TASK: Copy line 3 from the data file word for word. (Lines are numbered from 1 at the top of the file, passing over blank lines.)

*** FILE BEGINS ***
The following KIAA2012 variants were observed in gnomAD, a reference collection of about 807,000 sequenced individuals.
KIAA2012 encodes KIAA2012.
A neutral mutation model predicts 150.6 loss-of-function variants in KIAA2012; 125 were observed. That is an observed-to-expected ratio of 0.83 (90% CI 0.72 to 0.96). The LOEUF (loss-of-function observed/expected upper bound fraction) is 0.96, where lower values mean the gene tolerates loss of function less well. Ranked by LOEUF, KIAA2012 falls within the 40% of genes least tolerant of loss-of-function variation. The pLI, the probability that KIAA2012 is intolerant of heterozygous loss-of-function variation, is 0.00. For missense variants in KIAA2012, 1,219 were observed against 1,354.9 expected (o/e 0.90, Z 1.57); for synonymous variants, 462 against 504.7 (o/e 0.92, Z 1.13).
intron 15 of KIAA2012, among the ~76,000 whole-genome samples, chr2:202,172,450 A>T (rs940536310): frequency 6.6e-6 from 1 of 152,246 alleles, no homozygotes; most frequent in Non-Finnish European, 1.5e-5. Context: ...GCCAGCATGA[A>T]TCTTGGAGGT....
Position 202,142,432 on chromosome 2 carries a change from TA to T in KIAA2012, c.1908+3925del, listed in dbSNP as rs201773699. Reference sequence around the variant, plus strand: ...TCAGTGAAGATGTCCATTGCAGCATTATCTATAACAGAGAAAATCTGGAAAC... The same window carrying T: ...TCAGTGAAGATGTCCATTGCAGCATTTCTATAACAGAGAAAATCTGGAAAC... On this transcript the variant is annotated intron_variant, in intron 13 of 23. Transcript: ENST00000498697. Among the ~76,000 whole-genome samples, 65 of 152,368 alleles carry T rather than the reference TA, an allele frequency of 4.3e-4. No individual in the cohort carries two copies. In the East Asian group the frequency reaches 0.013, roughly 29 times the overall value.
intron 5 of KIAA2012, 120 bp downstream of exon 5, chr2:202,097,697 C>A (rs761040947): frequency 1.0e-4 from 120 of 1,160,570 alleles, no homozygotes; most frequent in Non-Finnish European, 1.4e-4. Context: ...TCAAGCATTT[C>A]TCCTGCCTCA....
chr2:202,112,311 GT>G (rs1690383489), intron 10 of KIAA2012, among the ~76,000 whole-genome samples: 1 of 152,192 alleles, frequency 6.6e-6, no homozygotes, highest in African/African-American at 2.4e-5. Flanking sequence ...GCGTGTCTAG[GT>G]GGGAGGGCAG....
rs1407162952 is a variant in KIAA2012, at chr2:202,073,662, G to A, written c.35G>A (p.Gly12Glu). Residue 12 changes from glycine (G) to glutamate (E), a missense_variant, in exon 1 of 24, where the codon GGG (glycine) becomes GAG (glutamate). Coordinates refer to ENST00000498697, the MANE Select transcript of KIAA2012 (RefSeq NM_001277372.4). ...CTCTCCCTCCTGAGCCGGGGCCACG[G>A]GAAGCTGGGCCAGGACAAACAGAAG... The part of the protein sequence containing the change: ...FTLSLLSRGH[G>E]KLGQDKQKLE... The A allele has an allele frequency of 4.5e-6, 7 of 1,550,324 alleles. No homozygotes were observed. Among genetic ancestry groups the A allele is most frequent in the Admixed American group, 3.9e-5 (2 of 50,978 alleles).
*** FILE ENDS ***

A neutral mutation model predicts 150.6 loss-of-function variants in KIAA2012; 125 were observed. That is an observed-to-expected ratio of 0.83 (90% CI 0.72 to 0.96). The LOEUF (loss-of-function observed/expected upper bound fraction) is 0.96, where lower values mean the gene tolerates loss of function less well. Ranked by LOEUF, KIAA2012 falls within the 40% of genes least tolerant of loss-of-function variation. The pLI, the probability that KIAA2012 is intolerant of heterozygous loss-of-function variation, is 0.00. For missense variants in KIAA2012, 1,219 were observed against 1,354.9 expected (o/e 0.90, Z 1.57); for synonymous variants, 462 against 504.7 (o/e 0.92, Z 1.13).